Explaining Britain’s vote to withdraw from the European Union (EU) has become something of a cottage industry since 2016. This is not only because of the importance of the decision but also because the United Kingdom’s long and bumpy relationship with “Europe” and the myriad dramatic events in the years prior to the referendum together offer commentators plenty of choice of potential causal explanations. In Europe and the Decline of Social Democracy in Britain: From Attlee to Brexit, Adrian Williamson points the finger squarely at the decline of social democracy as a dominant ideology of governance in Britain since the 1970s. In doing so, he attempts to explain “Brexit” with a neat hypothesis and engaging accounts of a half century’s worth of domestic party-political power struggles, chiefly in ideological terms. Herein lie both the book’s strengths, particularly as an ideological history, and its weaknesses, particularly as a robust explanation.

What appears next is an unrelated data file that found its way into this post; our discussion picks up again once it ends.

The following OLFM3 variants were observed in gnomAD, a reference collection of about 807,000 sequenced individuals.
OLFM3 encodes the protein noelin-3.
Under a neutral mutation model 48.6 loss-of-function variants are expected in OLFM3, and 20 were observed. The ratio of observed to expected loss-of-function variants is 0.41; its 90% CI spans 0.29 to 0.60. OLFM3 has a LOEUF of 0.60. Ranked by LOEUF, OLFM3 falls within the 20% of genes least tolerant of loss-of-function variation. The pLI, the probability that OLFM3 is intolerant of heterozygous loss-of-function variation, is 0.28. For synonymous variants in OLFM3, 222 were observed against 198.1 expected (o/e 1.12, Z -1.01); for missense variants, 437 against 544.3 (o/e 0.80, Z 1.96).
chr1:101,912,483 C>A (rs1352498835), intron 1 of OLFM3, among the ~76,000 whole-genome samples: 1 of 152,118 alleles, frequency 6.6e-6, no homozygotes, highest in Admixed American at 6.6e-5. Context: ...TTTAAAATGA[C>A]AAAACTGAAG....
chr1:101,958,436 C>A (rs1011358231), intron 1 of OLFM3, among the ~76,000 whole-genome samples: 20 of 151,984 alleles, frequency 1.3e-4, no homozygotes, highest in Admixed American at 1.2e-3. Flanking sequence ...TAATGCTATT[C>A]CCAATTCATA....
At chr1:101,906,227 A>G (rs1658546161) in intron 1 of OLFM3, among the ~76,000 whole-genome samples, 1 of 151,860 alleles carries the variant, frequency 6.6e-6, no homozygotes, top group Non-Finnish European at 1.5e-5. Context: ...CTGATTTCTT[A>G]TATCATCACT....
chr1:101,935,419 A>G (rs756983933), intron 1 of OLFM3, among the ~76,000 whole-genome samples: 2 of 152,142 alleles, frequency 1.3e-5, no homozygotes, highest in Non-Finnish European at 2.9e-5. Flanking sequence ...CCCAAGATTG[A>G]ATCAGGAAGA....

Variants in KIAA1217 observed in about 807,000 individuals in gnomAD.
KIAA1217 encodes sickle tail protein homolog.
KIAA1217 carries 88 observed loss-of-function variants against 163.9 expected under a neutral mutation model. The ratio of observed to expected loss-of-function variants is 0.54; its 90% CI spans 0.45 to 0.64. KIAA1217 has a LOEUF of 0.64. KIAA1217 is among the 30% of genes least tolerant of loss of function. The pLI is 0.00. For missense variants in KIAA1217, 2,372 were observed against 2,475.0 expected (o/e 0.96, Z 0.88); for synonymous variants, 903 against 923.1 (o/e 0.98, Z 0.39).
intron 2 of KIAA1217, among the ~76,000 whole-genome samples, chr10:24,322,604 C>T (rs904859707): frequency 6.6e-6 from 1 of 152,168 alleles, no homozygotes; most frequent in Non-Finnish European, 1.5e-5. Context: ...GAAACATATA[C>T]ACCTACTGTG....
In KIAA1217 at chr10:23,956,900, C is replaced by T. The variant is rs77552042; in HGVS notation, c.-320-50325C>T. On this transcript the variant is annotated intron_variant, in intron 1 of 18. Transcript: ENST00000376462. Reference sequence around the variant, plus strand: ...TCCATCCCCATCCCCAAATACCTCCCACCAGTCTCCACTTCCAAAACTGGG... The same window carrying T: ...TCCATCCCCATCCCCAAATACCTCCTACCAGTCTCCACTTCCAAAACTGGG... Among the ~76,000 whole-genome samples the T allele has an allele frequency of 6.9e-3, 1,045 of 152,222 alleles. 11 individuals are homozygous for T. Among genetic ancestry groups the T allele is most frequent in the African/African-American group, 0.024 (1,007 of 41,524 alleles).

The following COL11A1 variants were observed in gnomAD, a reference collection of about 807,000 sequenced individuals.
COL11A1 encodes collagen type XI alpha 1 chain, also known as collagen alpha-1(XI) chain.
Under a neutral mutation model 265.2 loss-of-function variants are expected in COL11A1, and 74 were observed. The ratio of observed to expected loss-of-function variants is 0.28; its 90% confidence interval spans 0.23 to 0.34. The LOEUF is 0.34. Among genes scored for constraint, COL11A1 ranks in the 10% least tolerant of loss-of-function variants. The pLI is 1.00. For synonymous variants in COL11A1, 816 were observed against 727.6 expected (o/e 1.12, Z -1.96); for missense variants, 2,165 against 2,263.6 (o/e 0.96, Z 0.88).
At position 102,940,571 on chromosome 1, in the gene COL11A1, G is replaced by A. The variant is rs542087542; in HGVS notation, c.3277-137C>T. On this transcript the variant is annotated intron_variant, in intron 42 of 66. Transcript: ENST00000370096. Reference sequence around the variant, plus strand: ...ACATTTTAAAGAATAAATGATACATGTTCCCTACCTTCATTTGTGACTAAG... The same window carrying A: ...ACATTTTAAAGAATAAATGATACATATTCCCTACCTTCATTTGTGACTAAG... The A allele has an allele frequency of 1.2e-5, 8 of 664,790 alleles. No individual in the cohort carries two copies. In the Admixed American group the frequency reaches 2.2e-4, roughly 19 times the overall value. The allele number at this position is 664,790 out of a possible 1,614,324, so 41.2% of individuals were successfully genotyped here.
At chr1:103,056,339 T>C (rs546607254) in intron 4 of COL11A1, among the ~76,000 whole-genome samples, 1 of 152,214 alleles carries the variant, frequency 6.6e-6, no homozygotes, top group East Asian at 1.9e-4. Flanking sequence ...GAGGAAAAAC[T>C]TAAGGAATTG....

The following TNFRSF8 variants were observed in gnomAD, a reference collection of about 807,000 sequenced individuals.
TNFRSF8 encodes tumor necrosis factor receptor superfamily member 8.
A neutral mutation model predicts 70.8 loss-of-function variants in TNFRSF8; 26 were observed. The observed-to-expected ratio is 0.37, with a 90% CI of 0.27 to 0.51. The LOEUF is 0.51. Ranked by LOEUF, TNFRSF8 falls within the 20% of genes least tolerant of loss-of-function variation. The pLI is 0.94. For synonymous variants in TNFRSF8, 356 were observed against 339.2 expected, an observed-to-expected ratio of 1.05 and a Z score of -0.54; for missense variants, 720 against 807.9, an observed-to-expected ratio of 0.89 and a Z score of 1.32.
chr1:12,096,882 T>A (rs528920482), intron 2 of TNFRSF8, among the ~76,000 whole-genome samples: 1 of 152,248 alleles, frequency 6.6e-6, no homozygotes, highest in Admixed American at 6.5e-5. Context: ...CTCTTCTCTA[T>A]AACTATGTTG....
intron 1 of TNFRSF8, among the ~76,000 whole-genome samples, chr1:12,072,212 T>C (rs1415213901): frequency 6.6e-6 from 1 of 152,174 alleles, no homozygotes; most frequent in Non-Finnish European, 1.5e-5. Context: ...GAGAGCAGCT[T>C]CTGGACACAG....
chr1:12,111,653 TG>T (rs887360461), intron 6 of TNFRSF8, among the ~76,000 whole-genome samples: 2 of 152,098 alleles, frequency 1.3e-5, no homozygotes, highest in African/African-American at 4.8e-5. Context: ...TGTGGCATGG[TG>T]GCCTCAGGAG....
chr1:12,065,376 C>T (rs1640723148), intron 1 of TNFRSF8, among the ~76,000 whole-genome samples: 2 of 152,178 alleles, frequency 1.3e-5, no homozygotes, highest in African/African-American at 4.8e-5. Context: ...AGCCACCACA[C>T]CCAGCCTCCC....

Williamson’s approach to testing his hypothesis aligns with the chapter layout. First, he characterizes the postwar period as a “golden age” of social democracy in British governance before chronicling its demise. Then, he describes pre-accession positivity to European Economic Community me
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